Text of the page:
Photo courtesy Bibi Bellatrixx.

Photo courtesy Bibi Bellatrixx.

Bibi Bellatrixx is a London-based alterna dream-babe. In October 2014, she released her debut EP, B-Side Part 1, after breaking away from her rock band, Queens of Sheba. Now she’s releasing “Note to Self,” a single for those moments when you feel insecure and need a reminder not to drown in self-doubt.

Bibi carved out time to talk to me on the phone last week. We touched on the music that surrounded her when she was growing up, the fact that she makes her own clothes, and the black girls who inspire her. I came away from our conversation certain that Bibi Bellatrixx is destined to be a rockstar.

TAYLER: What kind of music did you listen to growing up?

BIBI BELLATRIXX: I grew up on jazz. My dad’s record collection was absolutely huge, so my first memories of music are tracks by Miles Davis, John Coltrane, Bob James, and Earl Klugh. As I got older and became more inquisitive, I started looking to other genres for inspiration. I discovered rock and metal as a teenager, which was what convinced me that playing the guitar was a good idea.

When did you start making music? Was it something you went into intentionally, or did you stumble into it?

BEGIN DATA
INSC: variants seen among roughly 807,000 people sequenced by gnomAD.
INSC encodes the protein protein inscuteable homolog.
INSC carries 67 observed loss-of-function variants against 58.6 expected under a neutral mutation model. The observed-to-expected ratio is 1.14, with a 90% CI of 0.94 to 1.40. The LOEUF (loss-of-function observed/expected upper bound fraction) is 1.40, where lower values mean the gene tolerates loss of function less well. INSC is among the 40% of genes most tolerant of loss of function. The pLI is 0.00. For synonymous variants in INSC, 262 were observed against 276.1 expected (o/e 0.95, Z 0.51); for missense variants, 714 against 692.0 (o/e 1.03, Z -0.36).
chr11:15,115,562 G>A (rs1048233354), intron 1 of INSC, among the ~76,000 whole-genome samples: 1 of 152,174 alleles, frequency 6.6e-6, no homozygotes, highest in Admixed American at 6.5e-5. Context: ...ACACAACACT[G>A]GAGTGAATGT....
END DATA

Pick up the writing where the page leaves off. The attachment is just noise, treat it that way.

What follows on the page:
I can’t really remember the exact moment that I picked up an instrument. It was a very natural process. I was playing the piano around eight years old. I studied music until college, and I decided that was long enough. Music shouldn’t be overly academic. For me, it’s more about a feeling that you share with the listener. I’ve always written music and songs. It’s an important part of who I am. It’s something I’m always going to do, regardless of whether I’m sharing my music with the world or not.

How would you describe your sound?

I’ve coined “alternative dream pop” as my genre because I was constantly being asked where my CD would go in HMV [a British music store]. I think there is an ugly/pretty sound to the harmonies I use, which comes from my jazz background. My voice doesn’t sound how everyone expects it to, and there’s definitely a chilled-out, laid-back vibe to my first EP. I have many different sounds. I never sit down with my guitar and say, Today I’m writing a rock song. My songs grow and change with me, so I can never tell which direction they’ll take.

I find the lyrics to “Note to Self” so empowering: “Breathe in with virtue, because these winds will break you” are words to live by. What inspired this song?

Fear. Fear of not doing all the things I want to do with my life. Fear of taking the necessary steps to get to where I want to be. The song is just a reminder that as long as what I’m doing is coming from the right place, it will be OK. It might be hard at times, but it will be all right in the end. It’s also a reminder for me to keep pushing myself. We all have our little box of comfort that we’d rather stay in because it’s easy, but nothing great was ever built in there!

How do you get yourself out of a headspace where you feel totally overwhelmed or unsure of yourself?